Here is a partial transcript of Blavatsky's message, recorded in Dr. Wickland's book.
I studied Reincarnation, and I thought there was truth and justice in the theory that we come back and learn and have more experiences. I taught it and wanted to bring it out to the world and its peoples.

I felt that I remembered far back in my past. I felt I knew all about my past, but I was mistaken.

Memories of “past lives” are caused by spirits that bring such thoughts and represent the lives they lived. A spirit impresses you with the experiences of its life and these are implanted in your mind as your own. You then think you remember your past.

When you study, especially when you study Theosophy, you develop your mind and live in an atmosphere of mind. You remove yourself as much as possible from the physical. Naturally you become sensitive, and naturally you feel the spirits around you. They speak to you by impressions and their past will be like a panorama. You feel it, and you live over the past of spirits and you make the mistake of taking this for the memory of former incarnations.
I did not know this when I lived. I took it for granted that these memories were true, but when I came to the spirit side of life I learned differently.
She later returned to the subject.
When you have once reached the spirit world, where all are congenial, where all is life, where all is bliss, where there is no jealousy, no envy, where all is one grand harmony, do you think for one moment that you would want to leave that beautiful condition to come back to earth and be a little baby, restricted in mind and knowing nothing - nothing whatever?

Furthermore, you might get into a sickly, crippled body and be worse than you were before.

No, reincarnation is not true. I believed it, I taught it, and I was sure that I should come back and be somebody else. But I will not. I can do far more good now.
My impression is that Blavatsky (why is she continually referred to as "Madame" Blavatsky in Theosophical circles?), while in our world, had a strong intuitive grasp of certain profound truths, but was also too ready to believe and proclaim a lot of cant and nonsense. Supposing her spirit was speaking at Dr. Wickland's circle, good on her for exercising a woman's prerogative to change her mind.

If the tone of these comments sounds flippant, you may be wondering whether I take the subject seriously or if this is a jest. Well, if I had refused to treat serious matters with a touch (or more) of humor, half the postings on this blog would not have been written. Questions of what happens after we depart this life could hardly be more important in my view.

Belief in reincarnation is now almost universal among people practicing the various forms of yoga and disciplines derived, even at a wide remove, from the Vedanta tradition. Most Buddhists seem to believe in it as well, although it's incompatible with Buddhism's core notion that there is no continuing self or soul. And finally there are those who come under the "New Age" heading.

I've spent a lot of time around such people, and I suppose it has influenced me to lean toward incorporating reincarnation in my outlook. Even so ... I'd never deny that it's possible; but I'm not convinced.

Survival of consciousness in a post-mortem state seems nearly certain if you are willing to look at the evidence, as a whole, without prejudice. For reincarnation, the picture is cloudier.

There are two basic methods of studying the possibility of reincarnation: "past-life memories" of young children and hypnotic regression.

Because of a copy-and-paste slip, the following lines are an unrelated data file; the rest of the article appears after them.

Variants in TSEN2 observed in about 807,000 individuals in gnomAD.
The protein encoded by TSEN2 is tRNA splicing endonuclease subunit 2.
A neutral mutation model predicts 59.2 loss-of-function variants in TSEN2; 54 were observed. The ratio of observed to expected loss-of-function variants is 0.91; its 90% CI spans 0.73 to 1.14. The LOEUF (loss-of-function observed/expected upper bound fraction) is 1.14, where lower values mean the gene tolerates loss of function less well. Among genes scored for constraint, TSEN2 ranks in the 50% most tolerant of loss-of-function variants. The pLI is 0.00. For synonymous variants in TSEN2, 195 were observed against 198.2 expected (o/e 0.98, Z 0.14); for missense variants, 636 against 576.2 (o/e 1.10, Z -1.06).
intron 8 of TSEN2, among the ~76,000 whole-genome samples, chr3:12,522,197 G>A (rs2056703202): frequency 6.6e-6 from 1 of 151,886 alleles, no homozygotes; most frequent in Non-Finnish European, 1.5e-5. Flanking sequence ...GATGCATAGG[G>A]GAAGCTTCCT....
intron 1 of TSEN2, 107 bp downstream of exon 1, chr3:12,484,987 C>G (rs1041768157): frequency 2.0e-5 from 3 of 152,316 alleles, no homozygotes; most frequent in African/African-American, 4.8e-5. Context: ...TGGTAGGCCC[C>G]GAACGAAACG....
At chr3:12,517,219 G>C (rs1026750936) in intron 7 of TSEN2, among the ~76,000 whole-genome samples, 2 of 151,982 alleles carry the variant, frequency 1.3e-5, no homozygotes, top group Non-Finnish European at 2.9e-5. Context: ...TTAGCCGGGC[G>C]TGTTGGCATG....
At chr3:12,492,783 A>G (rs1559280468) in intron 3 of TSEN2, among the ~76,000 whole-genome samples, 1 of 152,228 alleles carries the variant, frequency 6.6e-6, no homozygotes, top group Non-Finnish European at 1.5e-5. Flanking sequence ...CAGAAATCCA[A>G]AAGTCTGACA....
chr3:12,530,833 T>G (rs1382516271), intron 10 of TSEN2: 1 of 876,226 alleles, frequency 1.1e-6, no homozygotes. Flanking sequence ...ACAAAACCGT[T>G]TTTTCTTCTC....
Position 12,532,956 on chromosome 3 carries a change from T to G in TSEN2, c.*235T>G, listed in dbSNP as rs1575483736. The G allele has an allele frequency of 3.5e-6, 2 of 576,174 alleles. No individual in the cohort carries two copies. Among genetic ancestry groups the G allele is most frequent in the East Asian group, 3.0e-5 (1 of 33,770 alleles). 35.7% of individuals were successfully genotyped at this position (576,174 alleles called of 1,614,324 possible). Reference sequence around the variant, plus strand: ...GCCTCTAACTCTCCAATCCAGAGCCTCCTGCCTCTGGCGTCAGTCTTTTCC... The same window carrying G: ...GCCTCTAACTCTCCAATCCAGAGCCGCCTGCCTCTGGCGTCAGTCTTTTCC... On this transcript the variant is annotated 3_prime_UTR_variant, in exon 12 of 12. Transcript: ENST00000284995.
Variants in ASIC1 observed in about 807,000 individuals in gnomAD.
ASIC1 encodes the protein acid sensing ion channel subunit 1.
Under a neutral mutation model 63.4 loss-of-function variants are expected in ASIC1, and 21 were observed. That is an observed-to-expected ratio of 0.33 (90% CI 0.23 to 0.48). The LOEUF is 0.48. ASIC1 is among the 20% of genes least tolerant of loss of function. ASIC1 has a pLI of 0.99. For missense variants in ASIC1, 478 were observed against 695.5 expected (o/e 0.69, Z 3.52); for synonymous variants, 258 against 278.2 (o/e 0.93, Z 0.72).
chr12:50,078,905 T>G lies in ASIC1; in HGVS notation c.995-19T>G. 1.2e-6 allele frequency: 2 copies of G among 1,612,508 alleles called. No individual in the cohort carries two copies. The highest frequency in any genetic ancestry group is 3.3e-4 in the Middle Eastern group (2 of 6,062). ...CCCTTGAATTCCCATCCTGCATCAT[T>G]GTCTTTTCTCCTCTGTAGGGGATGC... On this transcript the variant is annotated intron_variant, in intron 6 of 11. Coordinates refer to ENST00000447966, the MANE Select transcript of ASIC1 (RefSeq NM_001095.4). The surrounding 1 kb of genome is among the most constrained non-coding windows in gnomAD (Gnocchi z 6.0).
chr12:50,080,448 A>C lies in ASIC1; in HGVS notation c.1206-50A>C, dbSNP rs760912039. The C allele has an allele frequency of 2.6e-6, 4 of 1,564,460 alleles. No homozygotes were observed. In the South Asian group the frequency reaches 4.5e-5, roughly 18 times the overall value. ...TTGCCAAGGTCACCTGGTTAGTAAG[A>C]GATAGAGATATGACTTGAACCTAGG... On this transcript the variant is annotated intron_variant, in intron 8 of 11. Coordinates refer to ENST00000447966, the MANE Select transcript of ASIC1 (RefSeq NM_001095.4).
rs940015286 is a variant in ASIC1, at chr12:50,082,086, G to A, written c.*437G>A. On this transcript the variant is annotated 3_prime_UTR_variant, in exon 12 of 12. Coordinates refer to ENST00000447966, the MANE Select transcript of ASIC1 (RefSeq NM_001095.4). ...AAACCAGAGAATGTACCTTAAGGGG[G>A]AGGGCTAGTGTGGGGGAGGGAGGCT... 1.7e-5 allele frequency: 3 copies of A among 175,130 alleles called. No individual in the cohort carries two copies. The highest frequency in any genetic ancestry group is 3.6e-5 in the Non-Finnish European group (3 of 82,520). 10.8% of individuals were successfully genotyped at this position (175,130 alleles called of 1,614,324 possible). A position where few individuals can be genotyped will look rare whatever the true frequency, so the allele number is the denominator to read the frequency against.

I greatly admire the work of the late Ian Stevenson and his colleagues studying children's alleged past-life recall in situ, talking to the children and other people involved, using means as scientific as possible under the circumstances. Some of the cases he writes about are intriguing and a few almost seem to clinch the argument. But they never quite rule out alternative explanations -- for instance, Blavatsky's suggestion that they are not remembering their own past lives, but lives of attaching spirits.

Hypnotic regression also produces some fascinating material, but is even more open to doubt. Although hypnosis is widely practiced in psychotherapy, including past-life regression therapy, we still don't understand what hypnosis is. We know plenty about some things it can do, but not how or why. What is in no doubt is that hypnotized subjects are extremely suggestible and imaginative. Their visions of living in other times and places are surely real experiences to them. But dreams and hallucinations are phenomenologically real, too.

Explanations of the need for reincarnation tend to be of the "school of life" variety -- we have to keep returning until we've learned all our lessons -- or based on the supposed Law of Karma, that we must reap the results of all we've ever done. Again, I can't dismiss these claims, but they are just theories (however many thousands of years they've been on the Ancient Wisdom pop chart), neither provable nor disprovable.

I can tell you this from extensive reading of the literature on reincarnation: no one's story or "memory" of a previous incarnation that it has been possible to investigate through historical records has been 100 percent factually correct. Some have been partly confirmed -- impressive in itself, granted -- but those same examples include statements that not only can't be substantiated, but are shown to be wrong. In hypnotic regressions, there is usually a curious inability to come up with specifics, such as the person's name in the earlier life, the year, who was the king or president at the time, what the town, city, or country was called, &c.

Personally I hope the spirit Blavatsky is right and we continue our growth toward Ultimate Reality without having to be wrapped in a physical body again and again. Maybe the best possibility is to be offered a choice, not a requirement -- if you want another go-around in Earth life, the train is leaving on track 9. If prefer your spirit arrangements, you can keep them.